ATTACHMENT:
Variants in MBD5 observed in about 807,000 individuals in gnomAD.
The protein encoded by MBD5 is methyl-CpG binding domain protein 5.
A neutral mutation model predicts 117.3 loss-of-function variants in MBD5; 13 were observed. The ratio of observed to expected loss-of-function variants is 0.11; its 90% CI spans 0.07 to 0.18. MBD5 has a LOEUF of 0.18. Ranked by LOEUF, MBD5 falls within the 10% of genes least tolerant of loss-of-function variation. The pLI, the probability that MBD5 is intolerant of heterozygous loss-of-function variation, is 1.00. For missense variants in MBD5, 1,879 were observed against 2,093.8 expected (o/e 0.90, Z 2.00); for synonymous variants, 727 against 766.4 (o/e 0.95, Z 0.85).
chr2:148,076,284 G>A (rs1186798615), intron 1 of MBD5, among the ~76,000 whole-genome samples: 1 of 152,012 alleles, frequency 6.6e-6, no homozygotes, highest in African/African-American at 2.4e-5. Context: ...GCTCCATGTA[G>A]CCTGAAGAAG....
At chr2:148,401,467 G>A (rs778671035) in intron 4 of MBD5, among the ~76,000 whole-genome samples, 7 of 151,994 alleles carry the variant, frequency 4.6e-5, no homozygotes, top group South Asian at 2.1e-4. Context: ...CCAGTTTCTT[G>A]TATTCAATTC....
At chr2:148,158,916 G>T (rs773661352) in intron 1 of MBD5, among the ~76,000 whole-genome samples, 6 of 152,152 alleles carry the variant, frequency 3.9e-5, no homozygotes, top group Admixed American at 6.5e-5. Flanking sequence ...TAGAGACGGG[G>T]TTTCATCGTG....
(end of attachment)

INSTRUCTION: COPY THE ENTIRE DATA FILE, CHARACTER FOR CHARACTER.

Variants in MBD5 observed in about 807,000 individuals in gnomAD.
The protein encoded by MBD5 is methyl-CpG binding domain protein 5.
A neutral mutation model predicts 117.3 loss-of-function variants in MBD5; 13 were observed. The ratio of observed to expected loss-of-function variants is 0.11; its 90% CI spans 0.07 to 0.18. MBD5 has a LOEUF of 0.18. Ranked by LOEUF, MBD5 falls within the 10% of genes least tolerant of loss-of-function variation. The pLI, the probability that MBD5 is intolerant of heterozygous loss-of-function variation, is 1.00. For missense variants in MBD5, 1,879 were observed against 2,093.8 expected (o/e 0.90, Z 2.00); for synonymous variants, 727 against 766.4 (o/e 0.95, Z 0.85).
chr2:148,076,284 G>A (rs1186798615), intron 1 of MBD5, among the ~76,000 whole-genome samples: 1 of 152,012 alleles, frequency 6.6e-6, no homozygotes, highest in African/African-American at 2.4e-5. Context: ...GCTCCATGTA[G>A]CCTGAAGAAG....
At chr2:148,401,467 G>A (rs778671035) in intron 4 of MBD5, among the ~76,000 whole-genome samples, 7 of 151,994 alleles carry the variant, frequency 4.6e-5, no homozygotes, top group South Asian at 2.1e-4. Context: ...CCAGTTTCTT[G>A]TATTCAATTC....
At chr2:148,158,916 G>T (rs773661352) in intron 1 of MBD5, among the ~76,000 whole-genome samples, 6 of 152,152 alleles carry the variant, frequency 3.9e-5, no homozygotes, top group Admixed American at 6.5e-5. Flanking sequence ...TAGAGACGGG[G>T]TTTCATCGTG....